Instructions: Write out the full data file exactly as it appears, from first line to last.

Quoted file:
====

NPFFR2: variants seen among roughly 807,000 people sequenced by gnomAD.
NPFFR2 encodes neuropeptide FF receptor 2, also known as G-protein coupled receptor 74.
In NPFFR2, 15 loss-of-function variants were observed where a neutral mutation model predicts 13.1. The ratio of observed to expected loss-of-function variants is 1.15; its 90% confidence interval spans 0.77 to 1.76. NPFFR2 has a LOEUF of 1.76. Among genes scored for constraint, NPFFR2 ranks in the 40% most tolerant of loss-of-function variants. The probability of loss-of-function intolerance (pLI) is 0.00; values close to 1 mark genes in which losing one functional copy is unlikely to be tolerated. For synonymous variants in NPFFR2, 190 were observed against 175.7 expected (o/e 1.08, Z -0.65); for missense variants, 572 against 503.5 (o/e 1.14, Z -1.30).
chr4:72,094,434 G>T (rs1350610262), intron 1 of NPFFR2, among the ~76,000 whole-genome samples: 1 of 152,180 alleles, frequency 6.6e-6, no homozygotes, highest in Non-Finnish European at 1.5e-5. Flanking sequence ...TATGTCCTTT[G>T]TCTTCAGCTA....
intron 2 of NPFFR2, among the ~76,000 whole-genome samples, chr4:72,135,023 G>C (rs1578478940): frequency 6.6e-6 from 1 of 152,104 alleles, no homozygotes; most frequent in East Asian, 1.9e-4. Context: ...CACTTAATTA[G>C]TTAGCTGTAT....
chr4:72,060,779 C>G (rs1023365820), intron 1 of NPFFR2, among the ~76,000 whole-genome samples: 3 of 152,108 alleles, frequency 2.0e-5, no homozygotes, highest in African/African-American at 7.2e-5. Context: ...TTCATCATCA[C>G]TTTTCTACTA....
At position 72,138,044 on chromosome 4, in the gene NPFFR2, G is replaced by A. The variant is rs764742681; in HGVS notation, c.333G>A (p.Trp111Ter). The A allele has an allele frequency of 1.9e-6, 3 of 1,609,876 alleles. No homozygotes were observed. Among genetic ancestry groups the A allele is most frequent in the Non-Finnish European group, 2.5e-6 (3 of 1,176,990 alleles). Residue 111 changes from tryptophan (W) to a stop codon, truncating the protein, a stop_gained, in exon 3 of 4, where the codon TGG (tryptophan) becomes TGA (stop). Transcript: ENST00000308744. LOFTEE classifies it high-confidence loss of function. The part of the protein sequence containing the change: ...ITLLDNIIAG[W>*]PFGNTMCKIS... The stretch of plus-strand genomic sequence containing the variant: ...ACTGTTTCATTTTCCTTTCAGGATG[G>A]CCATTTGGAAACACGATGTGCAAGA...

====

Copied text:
NPFFR2: variants seen among roughly 807,000 people sequenced by gnomAD.
NPFFR2 encodes neuropeptide FF receptor 2, also known as G-protein coupled receptor 74.
In NPFFR2, 15 loss-of-function variants were observed where a neutral mutation model predicts 13.1. The ratio of observed to expected loss-of-function variants is 1.15; its 90% confidence interval spans 0.77 to 1.76. NPFFR2 has a LOEUF of 1.76. Among genes scored for constraint, NPFFR2 ranks in the 40% most tolerant of loss-of-function variants. The probability of loss-of-function intolerance (pLI) is 0.00; values close to 1 mark genes in which losing one functional copy is unlikely to be tolerated. For synonymous variants in NPFFR2, 190 were observed against 175.7 expected (o/e 1.08, Z -0.65); for missense variants, 572 against 503.5 (o/e 1.14, Z -1.30).
chr4:72,094,434 G>T (rs1350610262), intron 1 of NPFFR2, among the ~76,000 whole-genome samples: 1 of 152,180 alleles, frequency 6.6e-6, no homozygotes, highest in Non-Finnish European at 1.5e-5. Flanking sequence ...TATGTCCTTT[G>T]TCTTCAGCTA....
intron 2 of NPFFR2, among the ~76,000 whole-genome samples, chr4:72,135,023 G>C (rs1578478940): frequency 6.6e-6 from 1 of 152,104 alleles, no homozygotes; most frequent in East Asian, 1.9e-4. Context: ...CACTTAATTA[G>C]TTAGCTGTAT....
chr4:72,060,779 C>G (rs1023365820), intron 1 of NPFFR2, among the ~76,000 whole-genome samples: 3 of 152,108 alleles, frequency 2.0e-5, no homozygotes, highest in African/African-American at 7.2e-5. Context: ...TTCATCATCA[C>G]TTTTCTACTA....
At position 72,138,044 on chromosome 4, in the gene NPFFR2, G is replaced by A. The variant is rs764742681; in HGVS notation, c.333G>A (p.Trp111Ter). The A allele has an allele frequency of 1.9e-6, 3 of 1,609,876 alleles. No homozygotes were observed. Among genetic ancestry groups the A allele is most frequent in the Non-Finnish European group, 2.5e-6 (3 of 1,176,990 alleles). Residue 111 changes from tryptophan (W) to a stop codon, truncating the protein, a stop_gained, in exon 3 of 4, where the codon TGG (tryptophan) becomes TGA (stop). Transcript: ENST00000308744. LOFTEE classifies it high-confidence loss of function. The part of the protein sequence containing the change: ...ITLLDNIIAG[W>*]PFGNTMCKIS... The stretch of plus-strand genomic sequence containing the variant: ...ACTGTTTCATTTTCCTTTCAGGATG[G>A]CCATTTGGAAACACGATGTGCAAGA...